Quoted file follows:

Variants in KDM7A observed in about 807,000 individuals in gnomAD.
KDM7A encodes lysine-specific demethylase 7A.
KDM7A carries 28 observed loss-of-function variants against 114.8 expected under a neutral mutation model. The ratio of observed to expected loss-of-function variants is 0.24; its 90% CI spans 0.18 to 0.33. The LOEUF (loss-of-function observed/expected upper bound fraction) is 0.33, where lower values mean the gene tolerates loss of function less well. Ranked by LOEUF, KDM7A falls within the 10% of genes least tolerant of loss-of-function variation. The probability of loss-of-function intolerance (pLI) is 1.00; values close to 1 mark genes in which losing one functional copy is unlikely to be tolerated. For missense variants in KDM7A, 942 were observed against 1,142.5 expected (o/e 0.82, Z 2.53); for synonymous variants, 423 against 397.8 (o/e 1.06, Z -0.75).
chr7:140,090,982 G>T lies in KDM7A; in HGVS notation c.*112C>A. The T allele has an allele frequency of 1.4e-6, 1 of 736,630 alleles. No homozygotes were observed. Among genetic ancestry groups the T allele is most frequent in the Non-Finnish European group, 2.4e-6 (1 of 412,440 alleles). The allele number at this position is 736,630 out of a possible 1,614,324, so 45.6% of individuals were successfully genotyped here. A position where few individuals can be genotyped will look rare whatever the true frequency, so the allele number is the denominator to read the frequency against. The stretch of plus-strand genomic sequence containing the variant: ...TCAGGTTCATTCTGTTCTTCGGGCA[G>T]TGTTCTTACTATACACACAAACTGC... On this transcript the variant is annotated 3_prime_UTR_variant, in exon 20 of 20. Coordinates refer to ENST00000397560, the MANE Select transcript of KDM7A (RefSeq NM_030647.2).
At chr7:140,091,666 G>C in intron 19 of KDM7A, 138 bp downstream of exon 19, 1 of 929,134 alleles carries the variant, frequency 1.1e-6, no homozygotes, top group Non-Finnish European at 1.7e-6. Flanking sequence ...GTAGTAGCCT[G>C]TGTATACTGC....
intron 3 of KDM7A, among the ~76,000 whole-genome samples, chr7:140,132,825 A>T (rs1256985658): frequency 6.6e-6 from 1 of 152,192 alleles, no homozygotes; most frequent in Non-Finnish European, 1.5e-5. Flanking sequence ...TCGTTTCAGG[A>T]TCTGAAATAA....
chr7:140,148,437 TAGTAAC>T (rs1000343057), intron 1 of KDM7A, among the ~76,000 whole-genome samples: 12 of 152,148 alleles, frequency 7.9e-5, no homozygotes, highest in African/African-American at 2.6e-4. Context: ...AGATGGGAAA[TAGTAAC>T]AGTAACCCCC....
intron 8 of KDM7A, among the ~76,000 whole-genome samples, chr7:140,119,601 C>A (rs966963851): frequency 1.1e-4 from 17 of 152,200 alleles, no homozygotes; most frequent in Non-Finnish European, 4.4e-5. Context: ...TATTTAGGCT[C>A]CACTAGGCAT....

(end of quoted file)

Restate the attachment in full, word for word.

Variants in KDM7A observed in about 807,000 individuals in gnomAD.
KDM7A encodes lysine-specific demethylase 7A.
KDM7A carries 28 observed loss-of-function variants against 114.8 expected under a neutral mutation model. The ratio of observed to expected loss-of-function variants is 0.24; its 90% CI spans 0.18 to 0.33. The LOEUF (loss-of-function observed/expected upper bound fraction) is 0.33, where lower values mean the gene tolerates loss of function less well. Ranked by LOEUF, KDM7A falls within the 10% of genes least tolerant of loss-of-function variation. The probability of loss-of-function intolerance (pLI) is 1.00; values close to 1 mark genes in which losing one functional copy is unlikely to be tolerated. For missense variants in KDM7A, 942 were observed against 1,142.5 expected (o/e 0.82, Z 2.53); for synonymous variants, 423 against 397.8 (o/e 1.06, Z -0.75).
chr7:140,090,982 G>T lies in KDM7A; in HGVS notation c.*112C>A. The T allele has an allele frequency of 1.4e-6, 1 of 736,630 alleles. No homozygotes were observed. Among genetic ancestry groups the T allele is most frequent in the Non-Finnish European group, 2.4e-6 (1 of 412,440 alleles). The allele number at this position is 736,630 out of a possible 1,614,324, so 45.6% of individuals were successfully genotyped here. A position where few individuals can be genotyped will look rare whatever the true frequency, so the allele number is the denominator to read the frequency against. The stretch of plus-strand genomic sequence containing the variant: ...TCAGGTTCATTCTGTTCTTCGGGCA[G>T]TGTTCTTACTATACACACAAACTGC... On this transcript the variant is annotated 3_prime_UTR_variant, in exon 20 of 20. Coordinates refer to ENST00000397560, the MANE Select transcript of KDM7A (RefSeq NM_030647.2).
At chr7:140,091,666 G>C in intron 19 of KDM7A, 138 bp downstream of exon 19, 1 of 929,134 alleles carries the variant, frequency 1.1e-6, no homozygotes, top group Non-Finnish European at 1.7e-6. Flanking sequence ...GTAGTAGCCT[G>C]TGTATACTGC....
intron 3 of KDM7A, among the ~76,000 whole-genome samples, chr7:140,132,825 A>T (rs1256985658): frequency 6.6e-6 from 1 of 152,192 alleles, no homozygotes; most frequent in Non-Finnish European, 1.5e-5. Flanking sequence ...TCGTTTCAGG[A>T]TCTGAAATAA....
chr7:140,148,437 TAGTAAC>T (rs1000343057), intron 1 of KDM7A, among the ~76,000 whole-genome samples: 12 of 152,148 alleles, frequency 7.9e-5, no homozygotes, highest in African/African-American at 2.6e-4. Context: ...AGATGGGAAA[TAGTAAC>T]AGTAACCCCC....
intron 8 of KDM7A, among the ~76,000 whole-genome samples, chr7:140,119,601 C>A (rs966963851): frequency 1.1e-4 from 17 of 152,200 alleles, no homozygotes; most frequent in Non-Finnish European, 4.4e-5. Context: ...TATTTAGGCT[C>A]CACTAGGCAT....